Publications and Resources
This annual report shows that the recession continues to have a significant impact on state employees, whose wages are not keeping up with the rate of inflation. Average earnings have increased just 0.2 percent from last year. The report also reflects the continuing discrepancies between private and public salaries, with salaries substantially higher in the private sector. In addition, findings continue to show that jobs covered by a collective bargaining agreement have wages that are 35 percent higher than those not covered. This is the 13th year that AFT Public Employees has released its report comparing the salaries of state employees across the country.
Cutbacks and budget deficits are on everyone’s mind this year, and our new compensation survey indicates that wages have increased just 1.8 percent since last year. This is somewhat higher than the 0.4 percent increase in 2010, but the last two years have seen the two smallest increases in the years we have collected salary data for these jobs. It is also worth noting that the global average salary for state employees in our survey has increased only 3.2 percent (less than .5 percent per year) since 2002. This 12th edition of the survey once again shows that public sector knowledge workers in state government—those with high levels of education and professional responsibility—are often at a salary disadvantage when compared with their counterparts in the private sector. The survey, which is released every Labor Day, reflects pay rates in effect March 1 of the given year for 45 professional, scientific and related occupations in the 50 states and the District of Columbia.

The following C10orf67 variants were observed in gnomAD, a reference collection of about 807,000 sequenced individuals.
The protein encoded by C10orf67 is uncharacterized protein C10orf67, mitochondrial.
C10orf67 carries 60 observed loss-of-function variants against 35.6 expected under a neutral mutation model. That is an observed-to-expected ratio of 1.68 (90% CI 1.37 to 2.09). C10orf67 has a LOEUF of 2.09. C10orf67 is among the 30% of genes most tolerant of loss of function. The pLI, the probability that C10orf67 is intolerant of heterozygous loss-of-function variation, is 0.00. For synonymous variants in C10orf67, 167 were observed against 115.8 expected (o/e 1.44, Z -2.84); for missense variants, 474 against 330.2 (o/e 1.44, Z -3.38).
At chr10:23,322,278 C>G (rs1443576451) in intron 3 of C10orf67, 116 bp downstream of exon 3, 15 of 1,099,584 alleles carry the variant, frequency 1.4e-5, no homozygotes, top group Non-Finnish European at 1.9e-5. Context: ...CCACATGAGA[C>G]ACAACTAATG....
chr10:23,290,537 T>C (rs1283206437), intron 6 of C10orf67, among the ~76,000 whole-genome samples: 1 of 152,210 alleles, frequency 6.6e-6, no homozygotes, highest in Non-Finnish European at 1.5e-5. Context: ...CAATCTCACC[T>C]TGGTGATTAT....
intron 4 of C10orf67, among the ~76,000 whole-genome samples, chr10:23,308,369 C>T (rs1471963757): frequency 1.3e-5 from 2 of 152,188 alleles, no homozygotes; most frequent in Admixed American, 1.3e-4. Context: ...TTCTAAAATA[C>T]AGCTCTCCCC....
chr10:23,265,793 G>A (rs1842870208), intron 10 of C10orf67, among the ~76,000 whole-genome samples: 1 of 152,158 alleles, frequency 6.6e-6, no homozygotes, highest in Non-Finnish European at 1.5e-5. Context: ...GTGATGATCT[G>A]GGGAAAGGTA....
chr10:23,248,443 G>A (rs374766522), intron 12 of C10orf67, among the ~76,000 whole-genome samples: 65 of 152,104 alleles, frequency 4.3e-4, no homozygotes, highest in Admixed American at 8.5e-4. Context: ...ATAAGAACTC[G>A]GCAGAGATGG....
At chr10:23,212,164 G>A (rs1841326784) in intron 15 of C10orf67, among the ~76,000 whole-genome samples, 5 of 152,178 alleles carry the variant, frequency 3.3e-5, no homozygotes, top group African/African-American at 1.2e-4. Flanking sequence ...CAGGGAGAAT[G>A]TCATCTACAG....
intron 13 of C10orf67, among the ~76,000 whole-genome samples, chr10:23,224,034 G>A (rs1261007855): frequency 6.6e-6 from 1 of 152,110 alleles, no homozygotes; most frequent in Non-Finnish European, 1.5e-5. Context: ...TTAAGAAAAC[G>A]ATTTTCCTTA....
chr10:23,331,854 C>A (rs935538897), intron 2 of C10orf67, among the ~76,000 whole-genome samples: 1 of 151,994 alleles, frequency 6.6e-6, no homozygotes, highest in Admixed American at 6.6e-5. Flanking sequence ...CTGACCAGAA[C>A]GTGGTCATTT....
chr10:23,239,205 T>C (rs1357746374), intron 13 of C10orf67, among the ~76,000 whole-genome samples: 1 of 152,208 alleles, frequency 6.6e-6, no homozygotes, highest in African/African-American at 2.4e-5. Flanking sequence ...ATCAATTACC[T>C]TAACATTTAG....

A standard talking point among some politicians, pundits and anti-government groups masked as think tanks is that government employees make more money than private sector workers. Not so, according to the 2010 AFT Public Employees Compensation Survey of state government jobs, which is the only national survey of its kind. For the first time since the AFT started publishing the survey in 2000, wage growth was virtually flat, up an average of 0.4 percent to $47,245. The survey, released every September, reflects pay rates in effect March 1 of the same year for 45 professional, scientific and related occupations in the 50 states and the District of Columbia.
The cumulative state budget shortfall for 2010 is estimated to be more than $166 billion. States will not be able to cut their way out of a shortfall of this magnitude. There are no easy choices to solve this crisis. To be a part of crafting a solution that does not place the burden of balancing public budgets squarely on public employees, AFT Public Employees, together with the AFT research department, have created a resource guide for locals, state federations and coalition partners. State Revenue Systems: Options for the Current Fiscal Crisis provides an explanation of current revenue structures state-by-state and suggests alternatives to improve revenue stability and progressivity. The guide is available online here. For a printed copy, please e-mail Karen Schiffhauer at firstname.lastname@example.org.